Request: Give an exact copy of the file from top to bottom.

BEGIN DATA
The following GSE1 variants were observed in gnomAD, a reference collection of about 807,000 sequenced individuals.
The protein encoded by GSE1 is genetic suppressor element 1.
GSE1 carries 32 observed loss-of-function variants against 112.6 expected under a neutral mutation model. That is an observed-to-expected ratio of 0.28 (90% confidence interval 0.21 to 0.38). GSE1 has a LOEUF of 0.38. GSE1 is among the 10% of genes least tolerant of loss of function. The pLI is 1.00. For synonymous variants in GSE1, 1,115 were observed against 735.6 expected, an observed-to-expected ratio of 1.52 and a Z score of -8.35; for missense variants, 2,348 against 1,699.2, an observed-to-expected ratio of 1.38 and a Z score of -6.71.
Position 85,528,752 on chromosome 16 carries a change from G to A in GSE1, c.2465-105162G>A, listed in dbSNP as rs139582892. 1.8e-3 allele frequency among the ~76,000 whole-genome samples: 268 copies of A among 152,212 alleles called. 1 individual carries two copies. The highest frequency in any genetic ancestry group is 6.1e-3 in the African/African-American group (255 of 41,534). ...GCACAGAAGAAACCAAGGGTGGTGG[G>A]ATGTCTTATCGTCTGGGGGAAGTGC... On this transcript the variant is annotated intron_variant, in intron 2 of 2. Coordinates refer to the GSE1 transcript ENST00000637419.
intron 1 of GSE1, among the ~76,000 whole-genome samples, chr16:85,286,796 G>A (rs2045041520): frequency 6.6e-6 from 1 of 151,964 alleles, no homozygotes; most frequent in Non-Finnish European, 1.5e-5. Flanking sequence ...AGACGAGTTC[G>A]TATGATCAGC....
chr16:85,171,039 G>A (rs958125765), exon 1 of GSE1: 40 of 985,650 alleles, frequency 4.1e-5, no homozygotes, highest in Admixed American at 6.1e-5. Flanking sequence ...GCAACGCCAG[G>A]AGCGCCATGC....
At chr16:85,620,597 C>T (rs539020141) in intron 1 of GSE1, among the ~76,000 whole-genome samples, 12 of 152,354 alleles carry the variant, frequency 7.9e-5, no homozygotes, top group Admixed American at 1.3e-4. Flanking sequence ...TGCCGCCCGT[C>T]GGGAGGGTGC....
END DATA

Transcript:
The following GSE1 variants were observed in gnomAD, a reference collection of about 807,000 sequenced individuals.
The protein encoded by GSE1 is genetic suppressor element 1.
GSE1 carries 32 observed loss-of-function variants against 112.6 expected under a neutral mutation model. That is an observed-to-expected ratio of 0.28 (90% confidence interval 0.21 to 0.38). GSE1 has a LOEUF of 0.38. GSE1 is among the 10% of genes least tolerant of loss of function. The pLI is 1.00. For synonymous variants in GSE1, 1,115 were observed against 735.6 expected, an observed-to-expected ratio of 1.52 and a Z score of -8.35; for missense variants, 2,348 against 1,699.2, an observed-to-expected ratio of 1.38 and a Z score of -6.71.
Position 85,528,752 on chromosome 16 carries a change from G to A in GSE1, c.2465-105162G>A, listed in dbSNP as rs139582892. 1.8e-3 allele frequency among the ~76,000 whole-genome samples: 268 copies of A among 152,212 alleles called. 1 individual carries two copies. The highest frequency in any genetic ancestry group is 6.1e-3 in the African/African-American group (255 of 41,534). ...GCACAGAAGAAACCAAGGGTGGTGG[G>A]ATGTCTTATCGTCTGGGGGAAGTGC... On this transcript the variant is annotated intron_variant, in intron 2 of 2. Coordinates refer to the GSE1 transcript ENST00000637419.
intron 1 of GSE1, among the ~76,000 whole-genome samples, chr16:85,286,796 G>A (rs2045041520): frequency 6.6e-6 from 1 of 151,964 alleles, no homozygotes; most frequent in Non-Finnish European, 1.5e-5. Flanking sequence ...AGACGAGTTC[G>A]TATGATCAGC....
chr16:85,171,039 G>A (rs958125765), exon 1 of GSE1: 40 of 985,650 alleles, frequency 4.1e-5, no homozygotes, highest in Admixed American at 6.1e-5. Flanking sequence ...GCAACGCCAG[G>A]AGCGCCATGC....
At chr16:85,620,597 C>T (rs539020141) in intron 1 of GSE1, among the ~76,000 whole-genome samples, 12 of 152,354 alleles carry the variant, frequency 7.9e-5, no homozygotes, top group Admixed American at 1.3e-4. Flanking sequence ...TGCCGCCCGT[C>T]GGGAGGGTGC....